We Who Are About To Die : Aaron Tucker

Aaron Tucker is the author of two books of poetry, irresponsible mediums (BookThug, 2017 ; and punchlines (Mansfield Press, 2015 ;, as well as the forthcoming coming novel Y (Coach House Books, Spring 2018 ; In addition, his current collaborative project, Loss Sets, translates poems into sculptures which are then 3D printed (; he is also the co-creator of The ChessBard, an app that transforms chess games into poems ( He has also written two scholarly texts: The Militarized Internet in Hollywood War Films (Palgrave Macmillan, 2017) and Interfacing with the Internet in Popular Cinema (Palgrave Macmillan, 2014). Currently, he is a lecturer in the English department at Ryerson Universitywhere he is currently teaching creative and academic writing.

Where are you now?

As I write just before Christmas, I’m currently in Mainz, Germany, not far from Frankfurt, staying with my partner.

Mainz is a quiet city that I like a lot. The lights for the Christmas markets are strung across and in every tree. We stop for glühwein often, let it warm us. Even though there is no snow, it is wet, and we see off-duty American soldiers from the Army base just outside the city towards Wiesbaden, walking through the puddles, speaking English like us. I know an infinitesimal amount of German, and when someone speaks it to me, my brain automatically responds in French. It’s strange.

What are you reading?

The two books I am reading now are Nevil Shute’s On the Beach and Thierry Poibeau’s Machine Translation. 

Machine Translation is a really terrific and condensed history and basic theorization on machine translations that does well to cover a lot of chronological and mechanical ground in a hurry.  I have been reading it to firm up some of the thinking around my new media projects which involve translation and computers. My newest, O/Ô, uses the Google Translate camera function to translate the Canadian Parliamentary Hansard from the day that “O Canada”/“Ô Canada” was adopted as the national anthem, generating photographic concrete poems. Additionally, Loss Sets is a collaborative project with Jordan Scott, Namir Ahmed and Tiffany Cheung that translates poems into models which are then 3D printed (; the ChessBard is a project collaboratively created by Jody Miller and myself that translates chess games into poems ( In the fall of this year, I published a beautiful print version of the project, Irresponsible Mediums (Book*hug, 2017;, which translates all of Marcel Duchamp’s chess games into poems. Machine Translation has given me a lot of vocabulary and further reading to help me push these projects further.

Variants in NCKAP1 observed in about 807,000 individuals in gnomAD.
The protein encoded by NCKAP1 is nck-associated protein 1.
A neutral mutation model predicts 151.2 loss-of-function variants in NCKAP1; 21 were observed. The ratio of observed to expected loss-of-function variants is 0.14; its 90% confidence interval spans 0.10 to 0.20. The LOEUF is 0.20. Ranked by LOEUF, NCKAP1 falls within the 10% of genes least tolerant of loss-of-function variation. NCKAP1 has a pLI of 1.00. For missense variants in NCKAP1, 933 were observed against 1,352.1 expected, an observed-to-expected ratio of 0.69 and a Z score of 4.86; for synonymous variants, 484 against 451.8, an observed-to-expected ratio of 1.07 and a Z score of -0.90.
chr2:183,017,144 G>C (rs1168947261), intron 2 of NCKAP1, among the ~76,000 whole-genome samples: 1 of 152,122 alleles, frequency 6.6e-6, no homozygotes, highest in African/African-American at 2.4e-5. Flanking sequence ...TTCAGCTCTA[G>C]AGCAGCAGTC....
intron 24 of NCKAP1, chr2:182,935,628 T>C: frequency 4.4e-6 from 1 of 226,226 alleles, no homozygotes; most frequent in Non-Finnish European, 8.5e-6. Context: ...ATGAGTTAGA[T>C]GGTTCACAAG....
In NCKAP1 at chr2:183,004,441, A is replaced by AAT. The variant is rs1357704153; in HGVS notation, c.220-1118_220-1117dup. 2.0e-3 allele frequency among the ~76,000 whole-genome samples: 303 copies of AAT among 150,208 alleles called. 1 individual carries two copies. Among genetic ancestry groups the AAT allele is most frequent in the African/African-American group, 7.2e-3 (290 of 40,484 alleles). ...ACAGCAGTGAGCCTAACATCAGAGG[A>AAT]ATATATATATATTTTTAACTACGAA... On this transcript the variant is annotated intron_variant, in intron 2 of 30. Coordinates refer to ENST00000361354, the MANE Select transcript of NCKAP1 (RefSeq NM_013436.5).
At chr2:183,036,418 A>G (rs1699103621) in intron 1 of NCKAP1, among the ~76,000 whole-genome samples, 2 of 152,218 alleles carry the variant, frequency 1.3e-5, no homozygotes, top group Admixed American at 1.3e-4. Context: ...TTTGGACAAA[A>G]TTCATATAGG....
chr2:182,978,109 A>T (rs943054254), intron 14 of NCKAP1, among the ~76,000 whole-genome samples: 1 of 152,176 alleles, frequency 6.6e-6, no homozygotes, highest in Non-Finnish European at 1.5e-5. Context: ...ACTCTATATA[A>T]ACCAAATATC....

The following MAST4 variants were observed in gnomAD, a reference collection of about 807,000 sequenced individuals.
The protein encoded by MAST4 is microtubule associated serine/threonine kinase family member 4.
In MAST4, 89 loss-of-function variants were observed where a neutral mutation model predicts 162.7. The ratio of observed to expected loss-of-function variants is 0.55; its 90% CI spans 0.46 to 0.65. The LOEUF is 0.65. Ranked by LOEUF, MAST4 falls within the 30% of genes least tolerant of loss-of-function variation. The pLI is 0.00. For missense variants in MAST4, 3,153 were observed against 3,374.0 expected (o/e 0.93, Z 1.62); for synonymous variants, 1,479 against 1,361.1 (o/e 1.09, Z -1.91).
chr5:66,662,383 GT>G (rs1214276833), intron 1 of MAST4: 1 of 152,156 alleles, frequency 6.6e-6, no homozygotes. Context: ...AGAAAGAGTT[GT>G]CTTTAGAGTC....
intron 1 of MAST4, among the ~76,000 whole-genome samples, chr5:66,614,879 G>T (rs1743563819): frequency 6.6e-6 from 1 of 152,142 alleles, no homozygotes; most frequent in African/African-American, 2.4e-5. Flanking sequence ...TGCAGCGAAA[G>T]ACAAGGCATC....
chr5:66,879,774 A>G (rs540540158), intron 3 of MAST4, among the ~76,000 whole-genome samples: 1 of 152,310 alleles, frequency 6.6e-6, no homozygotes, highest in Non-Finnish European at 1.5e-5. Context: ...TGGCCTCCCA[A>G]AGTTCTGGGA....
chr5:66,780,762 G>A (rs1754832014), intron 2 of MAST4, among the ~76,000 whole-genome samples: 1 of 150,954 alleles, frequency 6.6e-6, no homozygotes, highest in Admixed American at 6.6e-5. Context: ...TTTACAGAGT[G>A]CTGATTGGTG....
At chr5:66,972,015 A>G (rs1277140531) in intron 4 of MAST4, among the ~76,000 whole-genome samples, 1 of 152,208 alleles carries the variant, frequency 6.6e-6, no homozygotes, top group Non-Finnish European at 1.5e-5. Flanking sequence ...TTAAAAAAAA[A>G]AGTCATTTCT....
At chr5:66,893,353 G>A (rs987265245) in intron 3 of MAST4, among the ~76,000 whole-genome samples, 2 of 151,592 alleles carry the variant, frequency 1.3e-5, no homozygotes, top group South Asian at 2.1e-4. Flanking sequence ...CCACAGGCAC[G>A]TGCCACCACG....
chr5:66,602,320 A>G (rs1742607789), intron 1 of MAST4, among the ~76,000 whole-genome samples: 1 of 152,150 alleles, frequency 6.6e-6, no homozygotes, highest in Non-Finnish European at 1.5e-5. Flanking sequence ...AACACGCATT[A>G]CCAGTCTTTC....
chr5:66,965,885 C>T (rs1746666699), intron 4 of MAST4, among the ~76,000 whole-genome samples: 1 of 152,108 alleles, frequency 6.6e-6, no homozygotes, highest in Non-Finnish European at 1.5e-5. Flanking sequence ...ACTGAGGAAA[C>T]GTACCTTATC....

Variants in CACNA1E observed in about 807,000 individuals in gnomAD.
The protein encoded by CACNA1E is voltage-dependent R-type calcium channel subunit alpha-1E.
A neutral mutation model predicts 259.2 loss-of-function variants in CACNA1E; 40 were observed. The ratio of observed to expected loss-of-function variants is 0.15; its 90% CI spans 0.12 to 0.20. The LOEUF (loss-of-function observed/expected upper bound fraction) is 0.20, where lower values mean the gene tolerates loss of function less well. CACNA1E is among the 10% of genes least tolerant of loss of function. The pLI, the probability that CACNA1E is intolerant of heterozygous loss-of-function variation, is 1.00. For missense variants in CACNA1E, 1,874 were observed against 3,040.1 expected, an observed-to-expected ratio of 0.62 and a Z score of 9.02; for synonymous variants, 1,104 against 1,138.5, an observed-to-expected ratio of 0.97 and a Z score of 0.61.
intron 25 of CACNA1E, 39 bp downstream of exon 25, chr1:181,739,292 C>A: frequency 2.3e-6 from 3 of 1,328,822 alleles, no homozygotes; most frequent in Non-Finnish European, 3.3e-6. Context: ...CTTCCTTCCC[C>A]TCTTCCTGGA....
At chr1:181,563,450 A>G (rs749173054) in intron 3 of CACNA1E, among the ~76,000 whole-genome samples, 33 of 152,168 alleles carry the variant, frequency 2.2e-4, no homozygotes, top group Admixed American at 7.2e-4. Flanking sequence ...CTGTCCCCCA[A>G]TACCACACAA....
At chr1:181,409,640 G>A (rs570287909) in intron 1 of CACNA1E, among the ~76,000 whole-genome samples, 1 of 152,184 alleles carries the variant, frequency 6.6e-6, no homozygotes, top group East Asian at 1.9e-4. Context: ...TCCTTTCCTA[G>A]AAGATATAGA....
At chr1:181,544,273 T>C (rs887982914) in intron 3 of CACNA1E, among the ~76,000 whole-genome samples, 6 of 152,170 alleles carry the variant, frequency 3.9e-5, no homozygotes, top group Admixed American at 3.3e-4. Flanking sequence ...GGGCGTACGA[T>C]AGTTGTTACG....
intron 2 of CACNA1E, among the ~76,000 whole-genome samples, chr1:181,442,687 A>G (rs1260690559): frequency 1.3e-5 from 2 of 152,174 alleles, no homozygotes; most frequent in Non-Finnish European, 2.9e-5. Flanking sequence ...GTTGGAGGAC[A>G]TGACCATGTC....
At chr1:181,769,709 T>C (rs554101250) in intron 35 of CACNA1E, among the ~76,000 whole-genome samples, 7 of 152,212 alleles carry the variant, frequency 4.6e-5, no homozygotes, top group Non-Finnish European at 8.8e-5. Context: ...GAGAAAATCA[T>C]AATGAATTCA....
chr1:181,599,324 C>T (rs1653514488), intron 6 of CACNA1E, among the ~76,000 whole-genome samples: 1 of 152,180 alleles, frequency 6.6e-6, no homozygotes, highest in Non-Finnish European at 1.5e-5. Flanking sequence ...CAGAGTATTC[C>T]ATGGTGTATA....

In Shutes novel, the Northern hemisphere of the globe has been completely irradiated by nuclear weapons and the resulting fallout drifts south to Melbourne, Australia where the characters wait helplessly for this cloud to overtake them. In contrast to the near-instant eradication of nuclear warfare, when I first read this book over a decade ago, I was struck by the creeping, slow acceptance of extinction the book shapes itself around and I have been re-reading it because of a talk I will be giving about it in the new year at the Toronto Public Library, where I want to argue that we having been living post-apocalyptically since the Trinity Test, the first explosion of an atom bomb in 1945. This is a conversation I have been returning to as I have been editing my first novel Y (Coach House Books, 2018 -, about J. Robert Oppenheimer, the director of the Manhattan Project, and I’m trying to situate myself within the current very-real climate of nuclear culture and war.     

What have you discovered lately?

Given that it is the holidays, I have had a bit more time to read and catch up on books and have been reminded of all the great poetry and fiction being published across Canada. In no order, the books that have come out this year that I’ve loved:

-        The Greats by Sylvain Prudhomme (Book*hug Books) -

-        My Ariel by Sina Queyras (Coach House Books) -

-        Incarnations by Janieta Eyre (Coach House Books) -

-        Double Teenage by Joni Murphy (Book*hug Books) -

-        Dawn by Jordan Scott (tinfishpress) -

-        I am a Truck by Michelle Winters (Invisible Books) -

-        Charm by Christine McNair (Book*hug Books) -

-        This Accident of Being Lost by Leanne Betasamosake Simpson (House of Anansi)-

-        Sons by Dale Smith (Knife Fork Book) -

-        Voodoo Hypothesis by Canisia Lubrin (Wolsak and Wynn) -

-        Full-Metal Indigiqueer by Joshua Whitehead (Talonbooks) -

-        Pockets by Stuart Ross (ECW Books) -

-        Admission Requirements by Phoebe Wang (McClelland & Stewart) -

-        The Chemical Life by Jim Johnstone (Véhicule Press) -

-        If Clara by Martha Baillie (Coach House Books) -

-        Still Point by E. Martin Nolan (Invisible Books) -

-        Table Manners by Catriona Wright (Véhicule Press) -

-        Rag Cosmology by Erin Robinsong (Book*hug Books) -

-        A, A Novel by Derek Beaulieu (JBE) -

-        No TV for Woodpeckers by Gary Barwin (Wolsak and Wynn) -

-        My Nostalgia by Ralph Kolewe (Talonbooks) -

-        Cruise Missile Liberals by Spencer Gordon (Nightwood Editions) -

-        All the many things Jim Johnstone and company do at Anstruther Press -

-        All the many many things rob mclennan does at above/ground -